VANCOUVER -- Sheila Hamilton is trying to stay upbeat. The former nurse owns it's time! Fitness Results, a gym in North Vancouver that caters to seniors and is usually full of life. But now her business is empty. Since closing in March, Hamilton has lost 95 per cent of her revenue and laid off six employees. 

"It just became sort of an implosion, and we really didn’t have a choice.” Hamilton said. And her business is one of many.

A joint survey by the BC Chamber of Commerce, the Greater Vancouver Board of Trade and the Business Council of British Columbia paints a grim picture of what the economy could look like in a few months under COVID-19 restrictions.

A survey of 1,284 businesses during the week of April 9 to 17 found 43 per cent of those surveyed stated that they can only continue to operate for up to three months under current restrictions. Only 53 per cent of businesses that are temporarily closed expect to reopen once restrictions are eased, 38 per cent are unsure and eight per cent said they will not reopen.

Revenues have decreased substantially for many businesses, with more than half experiencing declines of up to 75 per cent.

“You have to imagine there’s a lot of nervous entrepreneurs out there right now, thinking, ‘Am I going to make it through this?’” said Val Litwin, president and CEO of the BC Chamber of Commerce.

64 per cent of the respondents said wages were their top operating cost, followed by rent, taxes, and then goods and supplies. And for Hamilton, that will stand in the way of hiring people back when she reopens.   

“I have thousands and thousands of dollars in operating costs to make up (with) every month that goes by with this closure, so it’s going to be a while before we can realistically look at having seven full time people back,” she said, adding it could be worse. “I’m one of those people that are in a very fortunate position because so far my landlord has been very accommodating.”

The survey of members closed just a day after the federal government relaxed rules to help more small businesses qualify for interest free loans and announced a commercial rent assistance program.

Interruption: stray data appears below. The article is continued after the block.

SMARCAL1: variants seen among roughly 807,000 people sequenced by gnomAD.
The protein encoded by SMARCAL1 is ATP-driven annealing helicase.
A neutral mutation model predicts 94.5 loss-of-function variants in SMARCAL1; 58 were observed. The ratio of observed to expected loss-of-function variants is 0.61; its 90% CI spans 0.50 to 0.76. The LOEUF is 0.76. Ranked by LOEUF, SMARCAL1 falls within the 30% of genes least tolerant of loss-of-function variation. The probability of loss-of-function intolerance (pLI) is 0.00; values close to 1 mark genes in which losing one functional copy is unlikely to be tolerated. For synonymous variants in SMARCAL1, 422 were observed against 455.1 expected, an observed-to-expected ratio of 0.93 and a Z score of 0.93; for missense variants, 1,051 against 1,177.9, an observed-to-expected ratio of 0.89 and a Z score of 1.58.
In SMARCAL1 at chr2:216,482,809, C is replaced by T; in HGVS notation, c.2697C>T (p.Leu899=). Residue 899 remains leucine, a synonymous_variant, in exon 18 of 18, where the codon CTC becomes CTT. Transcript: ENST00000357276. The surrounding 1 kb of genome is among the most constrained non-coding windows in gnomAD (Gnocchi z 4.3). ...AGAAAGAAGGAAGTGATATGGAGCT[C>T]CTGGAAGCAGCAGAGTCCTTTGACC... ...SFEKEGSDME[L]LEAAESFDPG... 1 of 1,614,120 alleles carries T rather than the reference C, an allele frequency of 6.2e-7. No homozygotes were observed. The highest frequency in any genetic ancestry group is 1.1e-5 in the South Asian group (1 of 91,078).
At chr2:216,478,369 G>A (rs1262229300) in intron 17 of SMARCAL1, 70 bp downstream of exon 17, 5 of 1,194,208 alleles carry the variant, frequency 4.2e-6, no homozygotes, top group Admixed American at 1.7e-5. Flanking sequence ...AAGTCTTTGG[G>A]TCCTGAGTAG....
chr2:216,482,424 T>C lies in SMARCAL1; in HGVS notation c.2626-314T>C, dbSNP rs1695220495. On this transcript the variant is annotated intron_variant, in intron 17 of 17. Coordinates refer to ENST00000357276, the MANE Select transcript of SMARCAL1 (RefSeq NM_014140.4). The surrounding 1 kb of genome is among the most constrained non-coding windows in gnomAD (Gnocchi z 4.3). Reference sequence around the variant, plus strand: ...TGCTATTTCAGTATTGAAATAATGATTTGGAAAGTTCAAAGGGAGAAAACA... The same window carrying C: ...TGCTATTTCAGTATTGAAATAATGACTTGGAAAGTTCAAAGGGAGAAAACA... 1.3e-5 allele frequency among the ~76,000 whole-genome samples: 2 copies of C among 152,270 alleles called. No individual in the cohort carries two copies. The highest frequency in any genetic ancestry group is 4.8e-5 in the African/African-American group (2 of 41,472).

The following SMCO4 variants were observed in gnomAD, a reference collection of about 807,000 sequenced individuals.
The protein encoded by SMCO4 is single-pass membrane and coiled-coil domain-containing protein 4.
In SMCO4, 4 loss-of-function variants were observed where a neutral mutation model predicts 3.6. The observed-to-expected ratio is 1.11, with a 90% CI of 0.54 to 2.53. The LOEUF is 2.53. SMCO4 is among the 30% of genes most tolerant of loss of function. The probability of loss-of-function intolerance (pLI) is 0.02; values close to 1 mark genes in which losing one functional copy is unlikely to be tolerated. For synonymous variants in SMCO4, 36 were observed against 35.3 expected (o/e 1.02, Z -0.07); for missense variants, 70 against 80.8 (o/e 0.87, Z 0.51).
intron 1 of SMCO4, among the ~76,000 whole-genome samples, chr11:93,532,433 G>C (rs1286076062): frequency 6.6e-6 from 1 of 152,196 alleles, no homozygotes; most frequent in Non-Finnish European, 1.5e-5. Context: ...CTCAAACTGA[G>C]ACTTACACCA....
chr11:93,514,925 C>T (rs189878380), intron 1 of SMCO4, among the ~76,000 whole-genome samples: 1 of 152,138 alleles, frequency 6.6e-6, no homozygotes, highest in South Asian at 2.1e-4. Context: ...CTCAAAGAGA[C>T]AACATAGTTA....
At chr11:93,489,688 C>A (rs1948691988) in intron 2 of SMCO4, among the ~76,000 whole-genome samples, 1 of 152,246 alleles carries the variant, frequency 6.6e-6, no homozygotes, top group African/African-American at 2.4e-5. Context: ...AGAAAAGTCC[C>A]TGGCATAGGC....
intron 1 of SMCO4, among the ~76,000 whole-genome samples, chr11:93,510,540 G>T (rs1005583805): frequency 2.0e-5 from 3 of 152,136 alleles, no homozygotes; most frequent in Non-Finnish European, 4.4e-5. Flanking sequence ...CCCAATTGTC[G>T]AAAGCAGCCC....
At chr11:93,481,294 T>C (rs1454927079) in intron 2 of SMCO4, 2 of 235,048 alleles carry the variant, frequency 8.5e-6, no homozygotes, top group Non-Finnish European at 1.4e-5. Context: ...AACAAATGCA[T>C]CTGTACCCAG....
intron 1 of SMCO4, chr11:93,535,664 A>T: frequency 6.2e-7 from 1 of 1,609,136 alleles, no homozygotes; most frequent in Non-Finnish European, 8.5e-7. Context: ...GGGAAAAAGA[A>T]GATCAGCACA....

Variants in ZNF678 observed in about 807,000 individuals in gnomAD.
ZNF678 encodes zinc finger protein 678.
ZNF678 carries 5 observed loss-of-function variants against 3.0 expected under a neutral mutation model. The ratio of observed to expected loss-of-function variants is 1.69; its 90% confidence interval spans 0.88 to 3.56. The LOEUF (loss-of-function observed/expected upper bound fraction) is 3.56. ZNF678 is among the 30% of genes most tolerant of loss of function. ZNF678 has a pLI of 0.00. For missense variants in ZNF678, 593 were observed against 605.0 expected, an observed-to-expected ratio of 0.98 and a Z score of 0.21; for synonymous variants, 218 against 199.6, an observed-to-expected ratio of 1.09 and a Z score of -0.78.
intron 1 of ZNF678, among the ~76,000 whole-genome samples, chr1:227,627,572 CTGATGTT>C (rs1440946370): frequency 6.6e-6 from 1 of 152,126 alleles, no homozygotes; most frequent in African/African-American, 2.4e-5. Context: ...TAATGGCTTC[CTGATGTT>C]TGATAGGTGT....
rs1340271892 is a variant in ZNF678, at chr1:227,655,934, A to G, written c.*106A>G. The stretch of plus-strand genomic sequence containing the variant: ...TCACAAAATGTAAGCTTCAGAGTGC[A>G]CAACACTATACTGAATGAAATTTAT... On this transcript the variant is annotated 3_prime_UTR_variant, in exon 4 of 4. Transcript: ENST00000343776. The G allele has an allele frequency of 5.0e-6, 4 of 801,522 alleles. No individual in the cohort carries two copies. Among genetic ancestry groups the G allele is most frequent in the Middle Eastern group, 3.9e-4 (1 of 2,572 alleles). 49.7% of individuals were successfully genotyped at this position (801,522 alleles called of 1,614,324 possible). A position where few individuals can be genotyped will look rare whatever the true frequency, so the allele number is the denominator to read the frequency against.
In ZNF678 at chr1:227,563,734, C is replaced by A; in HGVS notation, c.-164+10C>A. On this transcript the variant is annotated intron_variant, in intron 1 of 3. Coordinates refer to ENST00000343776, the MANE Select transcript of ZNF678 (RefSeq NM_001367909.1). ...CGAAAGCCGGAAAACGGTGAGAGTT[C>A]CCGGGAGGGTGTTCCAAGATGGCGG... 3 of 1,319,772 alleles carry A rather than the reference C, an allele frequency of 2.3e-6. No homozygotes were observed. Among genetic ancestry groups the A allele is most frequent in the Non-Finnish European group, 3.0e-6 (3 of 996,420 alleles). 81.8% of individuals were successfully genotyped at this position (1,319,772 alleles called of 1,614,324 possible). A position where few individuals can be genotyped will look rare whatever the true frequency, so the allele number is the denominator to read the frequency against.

The survey had shown 33 per cent of businesses felt the federal program were not helpful because they didn’t qualify or that they didn’t provide enough or timely cash flow relief. For the same reasons, 35 per cent of business did not find B.C.’s provincial programs helpful. And about 49 per cent of businesses with less than five employees said they did not qualify for help.

“Part of what’s so tragic about all of this is you’re going to see successful entrepreneurs fail because of the timing of this, and the bets they were placing on the B.C. economy,” said Litwin.

Just one third of those surveyed were confident that they’d qualify for the 75 per cent wage subsidy program. Some would not be eligible because they didn’t have enough employees on the payroll and revenue had not declined enough.

“How government listens and responds to the business community in the coming weeks will be the game-changer, in terms of economic recovery,” said Litwin. “The reality is there’s a window, (and) it’s closing. The clock is ticking here - businesses need cash.”

In the meantime, Hamilton is teaching online classes through the Mindbody app and has lent a lot of her equipment out. While she's planning for the future, she said: “Thinking too far ahead tends to get the anxiety going.”